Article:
Amir v. Superior Court (The People), 080218 SUPAD, BS 173665

Docket Nº:BS 173665
Opinion Judge:RICCIARDULLI, J.
Party Name:SHAHAB AMIR, Petitioner, v. THE SUPERIOR COURT OF LOS ANGELES COUNTY, Respondent, THE PEOPLE, Real Party in Interest.
Attorney:Abtin Amir for Petitioner. No appearances for Respondent and Real Party in Interest.
Judge Panel:We concur: Kumar, Acting P. J. Richardson, J.
Case Date:August 02, 2018
Court:Superior Court of California
 
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SHAHAB AMIR, Petitioner,

v.

THE SUPERIOR COURT OF LOS ANGELES COUNTY, Respondent,

THE PEOPLE, Real Party in Interest.

BS 173665

Superior Court of California, Appellate Division, Los Angeles

August 2, 2018

ORIGINAL PROCEEDINGS; petition for writ of mandate Lancaster Trial Court No. CP33883. Robert A. McSorley, Commissioner. Petition is granted.

Abtin Amir for Petitioner.

No appearances for Respondent and Real Party in Interest.

OPINION

RICCIARDULLI, J.

INTRODUCTION

When a person cited for an infraction resides or works closer to the county seat than to the court nearest to the place where they were cited, upon the person's demand, must the person be tried in a court in the county seat, or can the person's request be denied due to the travel inconvenience of the citing law enforcement agency? We hold a court in this instance must transfer the place of trial to the county seat. (Veh. Code, § 40502, subd. (b).)1

Petitioner Shahab Amir requested a writ commanding respondent Los Angeles County Superior Court to vacate its order denying his motion to change the location for trial of his infraction from Lancaster, which is 70 miles from his residence, to the Los Angeles County seat in the City of Los Angeles, which is two miles from his home, and enter a new order granting his motion. We will issue a writ so ordering.

BACKGROUND

Petitioner on September 2, 2017, was given a citation for speeding in Lancaster in Los Angeles County, and he requested the citing officer to specify the county seat as the place to appear. The officer refused to do so, instructing petitioner to appear in the Antelope Valley Courthouse in Lancaster.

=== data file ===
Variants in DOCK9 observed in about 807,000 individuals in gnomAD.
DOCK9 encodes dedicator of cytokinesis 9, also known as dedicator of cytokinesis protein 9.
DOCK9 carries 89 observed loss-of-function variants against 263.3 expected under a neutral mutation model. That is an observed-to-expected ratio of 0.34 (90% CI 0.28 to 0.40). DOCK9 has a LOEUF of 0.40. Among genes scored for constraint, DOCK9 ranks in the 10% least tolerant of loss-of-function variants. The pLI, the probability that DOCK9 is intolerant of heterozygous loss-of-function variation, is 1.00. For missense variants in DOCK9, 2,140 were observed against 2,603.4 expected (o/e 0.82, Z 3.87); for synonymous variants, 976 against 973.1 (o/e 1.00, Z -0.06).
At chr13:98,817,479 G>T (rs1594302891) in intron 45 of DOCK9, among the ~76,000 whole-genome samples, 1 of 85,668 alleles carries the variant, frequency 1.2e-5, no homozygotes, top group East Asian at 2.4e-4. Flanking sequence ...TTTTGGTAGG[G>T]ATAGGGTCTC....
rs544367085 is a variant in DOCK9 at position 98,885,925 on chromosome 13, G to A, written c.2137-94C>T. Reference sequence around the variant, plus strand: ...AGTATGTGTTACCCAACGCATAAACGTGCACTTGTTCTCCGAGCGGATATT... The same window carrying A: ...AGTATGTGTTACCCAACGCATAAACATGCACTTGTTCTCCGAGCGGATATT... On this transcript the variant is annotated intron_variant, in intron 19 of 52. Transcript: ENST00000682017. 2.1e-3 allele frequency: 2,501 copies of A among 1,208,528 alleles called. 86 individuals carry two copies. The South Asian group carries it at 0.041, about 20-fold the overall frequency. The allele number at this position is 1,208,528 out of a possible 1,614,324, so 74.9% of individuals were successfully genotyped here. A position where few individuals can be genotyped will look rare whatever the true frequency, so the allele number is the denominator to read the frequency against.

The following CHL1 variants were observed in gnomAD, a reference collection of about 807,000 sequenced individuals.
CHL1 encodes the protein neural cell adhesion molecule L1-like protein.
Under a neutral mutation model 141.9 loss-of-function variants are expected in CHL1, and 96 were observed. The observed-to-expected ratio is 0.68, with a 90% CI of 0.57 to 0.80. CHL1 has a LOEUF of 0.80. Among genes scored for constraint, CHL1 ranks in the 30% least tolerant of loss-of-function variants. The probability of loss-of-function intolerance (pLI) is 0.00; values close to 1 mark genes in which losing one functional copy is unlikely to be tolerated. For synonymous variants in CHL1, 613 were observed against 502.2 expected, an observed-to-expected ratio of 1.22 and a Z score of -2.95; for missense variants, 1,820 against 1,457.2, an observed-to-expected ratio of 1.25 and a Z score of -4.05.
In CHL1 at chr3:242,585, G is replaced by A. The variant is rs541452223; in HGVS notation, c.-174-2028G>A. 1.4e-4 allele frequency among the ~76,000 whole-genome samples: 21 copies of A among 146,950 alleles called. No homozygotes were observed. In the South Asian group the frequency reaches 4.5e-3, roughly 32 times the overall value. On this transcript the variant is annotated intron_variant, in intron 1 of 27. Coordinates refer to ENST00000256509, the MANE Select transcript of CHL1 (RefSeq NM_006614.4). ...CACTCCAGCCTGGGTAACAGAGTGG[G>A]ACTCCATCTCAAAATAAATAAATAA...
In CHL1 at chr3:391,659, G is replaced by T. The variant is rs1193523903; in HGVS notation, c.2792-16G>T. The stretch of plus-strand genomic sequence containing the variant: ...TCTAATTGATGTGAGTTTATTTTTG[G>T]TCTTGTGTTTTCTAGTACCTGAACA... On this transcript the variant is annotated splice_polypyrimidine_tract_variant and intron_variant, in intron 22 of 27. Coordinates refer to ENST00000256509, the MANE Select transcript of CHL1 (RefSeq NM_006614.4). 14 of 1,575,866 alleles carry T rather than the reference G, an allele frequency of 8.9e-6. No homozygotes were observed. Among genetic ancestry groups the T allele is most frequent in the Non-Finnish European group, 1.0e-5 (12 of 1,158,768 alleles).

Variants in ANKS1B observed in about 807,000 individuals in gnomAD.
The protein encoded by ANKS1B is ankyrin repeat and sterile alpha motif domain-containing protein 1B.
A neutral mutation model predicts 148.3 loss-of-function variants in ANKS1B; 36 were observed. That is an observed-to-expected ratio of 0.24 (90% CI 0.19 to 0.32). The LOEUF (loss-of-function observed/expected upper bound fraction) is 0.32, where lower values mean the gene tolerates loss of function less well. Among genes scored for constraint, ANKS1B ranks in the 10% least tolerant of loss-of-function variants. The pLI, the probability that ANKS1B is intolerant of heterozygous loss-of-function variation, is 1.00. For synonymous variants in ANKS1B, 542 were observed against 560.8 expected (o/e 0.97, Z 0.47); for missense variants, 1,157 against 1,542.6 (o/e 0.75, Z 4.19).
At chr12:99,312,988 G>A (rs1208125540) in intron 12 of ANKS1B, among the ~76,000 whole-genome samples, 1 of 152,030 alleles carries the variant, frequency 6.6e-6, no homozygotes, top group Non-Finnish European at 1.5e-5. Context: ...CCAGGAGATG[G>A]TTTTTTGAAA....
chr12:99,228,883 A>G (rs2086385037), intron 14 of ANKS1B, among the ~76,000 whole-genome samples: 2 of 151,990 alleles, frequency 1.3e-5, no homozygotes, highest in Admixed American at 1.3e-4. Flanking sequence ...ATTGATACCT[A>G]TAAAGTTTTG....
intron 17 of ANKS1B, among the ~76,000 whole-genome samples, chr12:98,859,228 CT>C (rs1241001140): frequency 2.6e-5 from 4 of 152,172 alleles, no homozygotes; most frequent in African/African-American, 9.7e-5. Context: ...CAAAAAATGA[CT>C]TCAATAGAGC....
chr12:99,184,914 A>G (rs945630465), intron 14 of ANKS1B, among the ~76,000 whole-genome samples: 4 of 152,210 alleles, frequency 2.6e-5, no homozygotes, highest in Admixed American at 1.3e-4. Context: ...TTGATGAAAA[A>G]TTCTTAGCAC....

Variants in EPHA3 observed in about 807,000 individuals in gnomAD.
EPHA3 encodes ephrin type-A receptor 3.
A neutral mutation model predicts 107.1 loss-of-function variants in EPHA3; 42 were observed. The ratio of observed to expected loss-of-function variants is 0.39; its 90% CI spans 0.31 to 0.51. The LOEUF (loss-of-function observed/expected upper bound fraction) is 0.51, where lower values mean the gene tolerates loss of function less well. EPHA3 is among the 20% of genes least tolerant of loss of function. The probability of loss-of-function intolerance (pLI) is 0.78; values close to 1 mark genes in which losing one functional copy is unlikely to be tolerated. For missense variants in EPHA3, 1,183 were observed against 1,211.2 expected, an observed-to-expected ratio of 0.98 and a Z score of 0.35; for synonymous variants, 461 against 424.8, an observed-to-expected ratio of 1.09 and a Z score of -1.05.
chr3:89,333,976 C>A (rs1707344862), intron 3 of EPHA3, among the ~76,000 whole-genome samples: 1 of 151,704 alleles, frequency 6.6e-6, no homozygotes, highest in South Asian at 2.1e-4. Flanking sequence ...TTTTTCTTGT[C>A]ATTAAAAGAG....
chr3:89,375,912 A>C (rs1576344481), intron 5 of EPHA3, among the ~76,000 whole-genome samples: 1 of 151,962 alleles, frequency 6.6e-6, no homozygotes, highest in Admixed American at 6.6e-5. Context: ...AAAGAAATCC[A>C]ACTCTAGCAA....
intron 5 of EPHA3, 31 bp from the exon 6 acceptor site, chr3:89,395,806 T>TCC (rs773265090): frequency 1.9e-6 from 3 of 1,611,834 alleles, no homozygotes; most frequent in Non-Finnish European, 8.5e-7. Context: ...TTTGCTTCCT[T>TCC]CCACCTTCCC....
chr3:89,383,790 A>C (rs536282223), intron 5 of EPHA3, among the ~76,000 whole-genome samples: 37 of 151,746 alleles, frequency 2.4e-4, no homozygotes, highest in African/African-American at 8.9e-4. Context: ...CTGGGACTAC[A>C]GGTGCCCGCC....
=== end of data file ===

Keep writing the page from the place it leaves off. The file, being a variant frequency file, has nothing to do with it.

At his arraignment on April 27, 2018, petitioner moved to transfer the case to the county seat. Petitioner maintained transfer was warranted because he resided in the City of Los Angeles, the Metropolitan Courthouse in Los Angeles was two miles from where he lived, and the courthouse in Lancaster was 70 miles from his home.

Respondent stated that section 40502 gave the court discretion to accede to a person's demand to be tried in the county seat, and respondent declined to change the location of the trial. Respondent issued a written ruling denying the motion.

Respondent recognized the Court of Appeal in 1959 construed section 40502's predecessor-former section 739-as conferring no discretion on a trial court to deny a person's transfer request to the county seat (Smith v. Municipal Court (1959) 167 Cal.App.2d 534, 540-541 (Smith)). But, respondent observed there were no published opinions holding this interpretation remained valid under the current law. Respondent ruled the current statute was differently worded than its predecessor and the current version afforded the trial court the discretion to decide the location of the trial. Respondent considered whether a change in the place of trial was “in the interest of justice.” It observed that the office of the citing agency, the California Highway Patrol (CHP), was located in Lancaster, the Antelope Valley Courthouse was the most convenient place for the CHP officer to appear to testify, and the next nearest other courthouses were 54.10, 55.17, and 69.70 miles away from the courthouse in Lancaster. In denying the transfer motion, the court concluded, “These distances are far too great for the traffic enforcement agencies to expend the funds to have their officers travel in order to appear on a single traffic citation in view of current public funding budget problems.”

Petitioner filed the instant petition for a writ of mandate and for a stay, requesting we vacate the April 27, 2018, order denying his motion. On May 21, 2018, having determined that petitioner's request appeared to be meritorious, we issued a Palma notice indicating we would dismiss the petition as moot if respondent reconsidered and vacated its order and entered a new order granting petitioner's motion. (Palma v. U.S. Industrial Fasteners, Inc. (1984) 36 Cal.3d 171.) We also indicated that if respondent elected not to reconsider and vacate its order, it was to...

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